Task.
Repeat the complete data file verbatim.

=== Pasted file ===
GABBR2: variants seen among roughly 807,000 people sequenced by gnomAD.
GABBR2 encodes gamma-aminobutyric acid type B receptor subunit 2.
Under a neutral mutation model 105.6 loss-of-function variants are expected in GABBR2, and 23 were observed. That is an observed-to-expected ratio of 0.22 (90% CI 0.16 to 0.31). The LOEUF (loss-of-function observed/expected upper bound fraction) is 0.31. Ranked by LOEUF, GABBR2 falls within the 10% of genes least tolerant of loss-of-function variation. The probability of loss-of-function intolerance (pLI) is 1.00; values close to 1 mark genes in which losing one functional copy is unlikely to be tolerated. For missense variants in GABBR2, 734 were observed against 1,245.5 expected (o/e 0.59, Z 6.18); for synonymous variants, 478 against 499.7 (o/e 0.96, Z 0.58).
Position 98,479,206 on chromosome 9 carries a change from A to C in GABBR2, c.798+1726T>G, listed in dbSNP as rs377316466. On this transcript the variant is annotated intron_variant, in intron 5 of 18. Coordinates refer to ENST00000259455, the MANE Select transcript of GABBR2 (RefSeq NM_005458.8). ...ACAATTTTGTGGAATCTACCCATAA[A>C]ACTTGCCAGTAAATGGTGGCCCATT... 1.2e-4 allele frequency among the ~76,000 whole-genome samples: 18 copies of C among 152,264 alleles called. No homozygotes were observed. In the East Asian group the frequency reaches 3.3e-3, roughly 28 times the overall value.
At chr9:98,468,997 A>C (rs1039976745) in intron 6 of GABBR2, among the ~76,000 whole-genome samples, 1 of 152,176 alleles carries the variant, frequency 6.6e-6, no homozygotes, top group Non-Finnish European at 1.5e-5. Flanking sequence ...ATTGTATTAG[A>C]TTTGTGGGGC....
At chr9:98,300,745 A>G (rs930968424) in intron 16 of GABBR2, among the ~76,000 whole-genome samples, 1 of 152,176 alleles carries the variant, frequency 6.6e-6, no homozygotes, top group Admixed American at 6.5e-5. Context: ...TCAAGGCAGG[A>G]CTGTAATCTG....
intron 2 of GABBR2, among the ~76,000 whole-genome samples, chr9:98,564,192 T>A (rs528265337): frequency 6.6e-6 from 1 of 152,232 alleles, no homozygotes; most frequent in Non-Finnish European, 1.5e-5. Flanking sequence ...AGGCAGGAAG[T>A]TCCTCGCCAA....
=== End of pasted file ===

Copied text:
GABBR2: variants seen among roughly 807,000 people sequenced by gnomAD.
GABBR2 encodes gamma-aminobutyric acid type B receptor subunit 2.
Under a neutral mutation model 105.6 loss-of-function variants are expected in GABBR2, and 23 were observed. That is an observed-to-expected ratio of 0.22 (90% CI 0.16 to 0.31). The LOEUF (loss-of-function observed/expected upper bound fraction) is 0.31. Ranked by LOEUF, GABBR2 falls within the 10% of genes least tolerant of loss-of-function variation. The probability of loss-of-function intolerance (pLI) is 1.00; values close to 1 mark genes in which losing one functional copy is unlikely to be tolerated. For missense variants in GABBR2, 734 were observed against 1,245.5 expected (o/e 0.59, Z 6.18); for synonymous variants, 478 against 499.7 (o/e 0.96, Z 0.58).
Position 98,479,206 on chromosome 9 carries a change from A to C in GABBR2, c.798+1726T>G, listed in dbSNP as rs377316466. On this transcript the variant is annotated intron_variant, in intron 5 of 18. Coordinates refer to ENST00000259455, the MANE Select transcript of GABBR2 (RefSeq NM_005458.8). ...ACAATTTTGTGGAATCTACCCATAA[A>C]ACTTGCCAGTAAATGGTGGCCCATT... 1.2e-4 allele frequency among the ~76,000 whole-genome samples: 18 copies of C among 152,264 alleles called. No homozygotes were observed. In the East Asian group the frequency reaches 3.3e-3, roughly 28 times the overall value.
At chr9:98,468,997 A>C (rs1039976745) in intron 6 of GABBR2, among the ~76,000 whole-genome samples, 1 of 152,176 alleles carries the variant, frequency 6.6e-6, no homozygotes, top group Non-Finnish European at 1.5e-5. Flanking sequence ...ATTGTATTAG[A>C]TTTGTGGGGC....
At chr9:98,300,745 A>G (rs930968424) in intron 16 of GABBR2, among the ~76,000 whole-genome samples, 1 of 152,176 alleles carries the variant, frequency 6.6e-6, no homozygotes, top group Admixed American at 6.5e-5. Context: ...TCAAGGCAGG[A>G]CTGTAATCTG....
intron 2 of GABBR2, among the ~76,000 whole-genome samples, chr9:98,564,192 T>A (rs528265337): frequency 6.6e-6 from 1 of 152,232 alleles, no homozygotes; most frequent in Non-Finnish European, 1.5e-5. Flanking sequence ...AGGCAGGAAG[T>A]TCCTCGCCAA....